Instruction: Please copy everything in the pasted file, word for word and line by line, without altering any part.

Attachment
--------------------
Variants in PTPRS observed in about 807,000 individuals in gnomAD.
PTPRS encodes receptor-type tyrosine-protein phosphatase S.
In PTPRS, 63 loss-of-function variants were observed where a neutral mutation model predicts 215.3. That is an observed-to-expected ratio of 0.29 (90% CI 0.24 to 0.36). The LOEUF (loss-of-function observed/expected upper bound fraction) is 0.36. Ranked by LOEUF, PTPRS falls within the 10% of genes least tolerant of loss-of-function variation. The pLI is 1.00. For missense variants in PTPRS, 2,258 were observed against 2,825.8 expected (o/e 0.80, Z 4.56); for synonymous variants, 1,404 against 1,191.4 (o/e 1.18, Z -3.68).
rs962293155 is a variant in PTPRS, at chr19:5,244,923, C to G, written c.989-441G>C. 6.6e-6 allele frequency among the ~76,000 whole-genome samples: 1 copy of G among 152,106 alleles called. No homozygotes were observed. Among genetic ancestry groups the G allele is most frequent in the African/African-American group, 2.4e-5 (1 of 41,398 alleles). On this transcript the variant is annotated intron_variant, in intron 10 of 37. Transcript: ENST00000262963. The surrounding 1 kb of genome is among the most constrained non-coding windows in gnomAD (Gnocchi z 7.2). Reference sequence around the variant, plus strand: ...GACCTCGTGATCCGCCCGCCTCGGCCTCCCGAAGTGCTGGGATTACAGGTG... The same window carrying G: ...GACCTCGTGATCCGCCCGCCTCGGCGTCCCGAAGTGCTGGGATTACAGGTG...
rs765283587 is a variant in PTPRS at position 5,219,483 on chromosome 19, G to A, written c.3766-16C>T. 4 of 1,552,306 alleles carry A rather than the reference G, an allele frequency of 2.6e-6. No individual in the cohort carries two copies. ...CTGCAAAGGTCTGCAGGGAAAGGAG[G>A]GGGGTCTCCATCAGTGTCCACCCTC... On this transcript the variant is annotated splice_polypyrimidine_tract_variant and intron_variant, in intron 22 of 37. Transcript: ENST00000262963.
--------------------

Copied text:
Variants in PTPRS observed in about 807,000 individuals in gnomAD.
PTPRS encodes receptor-type tyrosine-protein phosphatase S.
In PTPRS, 63 loss-of-function variants were observed where a neutral mutation model predicts 215.3. That is an observed-to-expected ratio of 0.29 (90% CI 0.24 to 0.36). The LOEUF (loss-of-function observed/expected upper bound fraction) is 0.36. Ranked by LOEUF, PTPRS falls within the 10% of genes least tolerant of loss-of-function variation. The pLI is 1.00. For missense variants in PTPRS, 2,258 were observed against 2,825.8 expected (o/e 0.80, Z 4.56); for synonymous variants, 1,404 against 1,191.4 (o/e 1.18, Z -3.68).
rs962293155 is a variant in PTPRS, at chr19:5,244,923, C to G, written c.989-441G>C. 6.6e-6 allele frequency among the ~76,000 whole-genome samples: 1 copy of G among 152,106 alleles called. No homozygotes were observed. Among genetic ancestry groups the G allele is most frequent in the African/African-American group, 2.4e-5 (1 of 41,398 alleles). On this transcript the variant is annotated intron_variant, in intron 10 of 37. Transcript: ENST00000262963. The surrounding 1 kb of genome is among the most constrained non-coding windows in gnomAD (Gnocchi z 7.2). Reference sequence around the variant, plus strand: ...GACCTCGTGATCCGCCCGCCTCGGCCTCCCGAAGTGCTGGGATTACAGGTG... The same window carrying G: ...GACCTCGTGATCCGCCCGCCTCGGCGTCCCGAAGTGCTGGGATTACAGGTG...
rs765283587 is a variant in PTPRS at position 5,219,483 on chromosome 19, G to A, written c.3766-16C>T. 4 of 1,552,306 alleles carry A rather than the reference G, an allele frequency of 2.6e-6. No individual in the cohort carries two copies. ...CTGCAAAGGTCTGCAGGGAAAGGAG[G>A]GGGGTCTCCATCAGTGTCCACCCTC... On this transcript the variant is annotated splice_polypyrimidine_tract_variant and intron_variant, in intron 22 of 37. Transcript: ENST00000262963.